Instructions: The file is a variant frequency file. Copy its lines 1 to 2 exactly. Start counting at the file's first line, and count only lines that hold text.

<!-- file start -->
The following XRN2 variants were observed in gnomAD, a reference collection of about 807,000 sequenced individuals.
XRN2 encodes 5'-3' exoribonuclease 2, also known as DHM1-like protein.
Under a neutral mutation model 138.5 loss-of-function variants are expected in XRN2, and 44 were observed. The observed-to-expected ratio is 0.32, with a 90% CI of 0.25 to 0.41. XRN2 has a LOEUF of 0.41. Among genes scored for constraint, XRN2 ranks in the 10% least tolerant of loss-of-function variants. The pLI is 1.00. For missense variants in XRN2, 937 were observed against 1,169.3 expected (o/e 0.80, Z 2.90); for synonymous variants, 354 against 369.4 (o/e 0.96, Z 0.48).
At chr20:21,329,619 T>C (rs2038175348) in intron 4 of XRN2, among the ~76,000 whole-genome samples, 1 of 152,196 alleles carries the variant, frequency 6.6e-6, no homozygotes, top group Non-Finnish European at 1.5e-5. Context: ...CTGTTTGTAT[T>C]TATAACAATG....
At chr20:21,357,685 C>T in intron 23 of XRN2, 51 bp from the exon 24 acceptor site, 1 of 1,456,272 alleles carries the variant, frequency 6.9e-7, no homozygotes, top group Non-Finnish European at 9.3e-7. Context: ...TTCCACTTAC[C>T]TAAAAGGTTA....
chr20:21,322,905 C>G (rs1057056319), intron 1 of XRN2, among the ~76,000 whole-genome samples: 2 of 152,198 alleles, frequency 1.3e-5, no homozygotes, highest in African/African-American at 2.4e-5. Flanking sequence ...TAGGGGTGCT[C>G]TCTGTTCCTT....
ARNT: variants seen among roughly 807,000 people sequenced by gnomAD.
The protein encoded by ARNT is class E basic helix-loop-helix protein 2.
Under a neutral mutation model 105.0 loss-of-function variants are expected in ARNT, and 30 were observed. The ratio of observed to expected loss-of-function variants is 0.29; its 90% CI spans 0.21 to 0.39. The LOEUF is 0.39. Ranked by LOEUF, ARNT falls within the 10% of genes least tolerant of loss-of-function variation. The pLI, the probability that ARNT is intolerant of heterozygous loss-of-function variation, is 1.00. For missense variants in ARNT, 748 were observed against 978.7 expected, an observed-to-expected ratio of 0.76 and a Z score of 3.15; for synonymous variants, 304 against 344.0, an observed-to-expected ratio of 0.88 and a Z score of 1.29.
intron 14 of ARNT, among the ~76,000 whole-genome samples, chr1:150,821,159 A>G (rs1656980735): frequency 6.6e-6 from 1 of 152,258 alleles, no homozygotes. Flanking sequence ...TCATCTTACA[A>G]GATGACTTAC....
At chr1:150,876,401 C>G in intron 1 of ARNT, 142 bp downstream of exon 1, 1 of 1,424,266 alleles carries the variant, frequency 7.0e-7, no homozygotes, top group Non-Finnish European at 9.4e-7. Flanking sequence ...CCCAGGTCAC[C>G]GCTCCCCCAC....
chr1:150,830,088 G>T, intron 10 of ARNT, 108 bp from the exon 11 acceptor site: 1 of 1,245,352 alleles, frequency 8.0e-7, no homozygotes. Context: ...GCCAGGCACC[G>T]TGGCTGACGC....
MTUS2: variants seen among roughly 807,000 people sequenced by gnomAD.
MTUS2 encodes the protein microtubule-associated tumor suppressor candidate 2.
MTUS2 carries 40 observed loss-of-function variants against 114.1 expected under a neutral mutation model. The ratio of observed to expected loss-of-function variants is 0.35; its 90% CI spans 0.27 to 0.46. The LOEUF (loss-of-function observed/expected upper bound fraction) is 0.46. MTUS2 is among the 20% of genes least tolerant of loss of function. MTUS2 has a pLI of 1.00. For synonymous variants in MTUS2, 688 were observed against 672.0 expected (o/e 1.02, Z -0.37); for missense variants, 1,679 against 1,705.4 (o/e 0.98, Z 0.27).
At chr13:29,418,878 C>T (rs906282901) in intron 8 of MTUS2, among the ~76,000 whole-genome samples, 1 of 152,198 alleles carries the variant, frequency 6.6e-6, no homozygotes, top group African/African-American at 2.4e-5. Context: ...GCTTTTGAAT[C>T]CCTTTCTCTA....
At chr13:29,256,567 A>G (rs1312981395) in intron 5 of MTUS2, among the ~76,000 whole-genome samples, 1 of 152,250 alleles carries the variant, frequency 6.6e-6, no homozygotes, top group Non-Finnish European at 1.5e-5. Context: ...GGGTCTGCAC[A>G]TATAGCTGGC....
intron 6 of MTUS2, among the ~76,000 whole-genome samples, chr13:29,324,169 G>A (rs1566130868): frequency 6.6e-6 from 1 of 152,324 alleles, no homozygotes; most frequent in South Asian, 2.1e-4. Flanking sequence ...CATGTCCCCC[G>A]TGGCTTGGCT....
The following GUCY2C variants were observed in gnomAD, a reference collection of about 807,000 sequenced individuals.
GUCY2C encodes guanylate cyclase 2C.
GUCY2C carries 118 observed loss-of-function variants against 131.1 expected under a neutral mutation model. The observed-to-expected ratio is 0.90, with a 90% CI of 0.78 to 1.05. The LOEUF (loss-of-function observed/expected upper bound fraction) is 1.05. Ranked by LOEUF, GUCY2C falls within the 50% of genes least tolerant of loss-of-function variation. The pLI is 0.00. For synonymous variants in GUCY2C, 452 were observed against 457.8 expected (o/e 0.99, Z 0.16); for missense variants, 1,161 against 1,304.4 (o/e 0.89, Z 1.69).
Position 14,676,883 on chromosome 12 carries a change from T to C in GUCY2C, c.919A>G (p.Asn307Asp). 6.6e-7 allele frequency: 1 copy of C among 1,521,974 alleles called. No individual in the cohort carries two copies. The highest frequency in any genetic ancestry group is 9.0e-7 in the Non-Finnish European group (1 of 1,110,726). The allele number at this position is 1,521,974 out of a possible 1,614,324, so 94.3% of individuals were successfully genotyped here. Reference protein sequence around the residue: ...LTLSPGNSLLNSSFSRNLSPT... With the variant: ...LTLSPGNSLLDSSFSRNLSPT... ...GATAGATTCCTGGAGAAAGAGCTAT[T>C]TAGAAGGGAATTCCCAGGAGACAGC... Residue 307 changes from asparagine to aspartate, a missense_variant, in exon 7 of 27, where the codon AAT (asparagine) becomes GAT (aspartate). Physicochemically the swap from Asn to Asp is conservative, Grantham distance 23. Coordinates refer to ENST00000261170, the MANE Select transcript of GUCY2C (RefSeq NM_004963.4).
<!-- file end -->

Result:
The following XRN2 variants were observed in gnomAD, a reference collection of about 807,000 sequenced individuals.
XRN2 encodes 5'-3' exoribonuclease 2, also known as DHM1-like protein.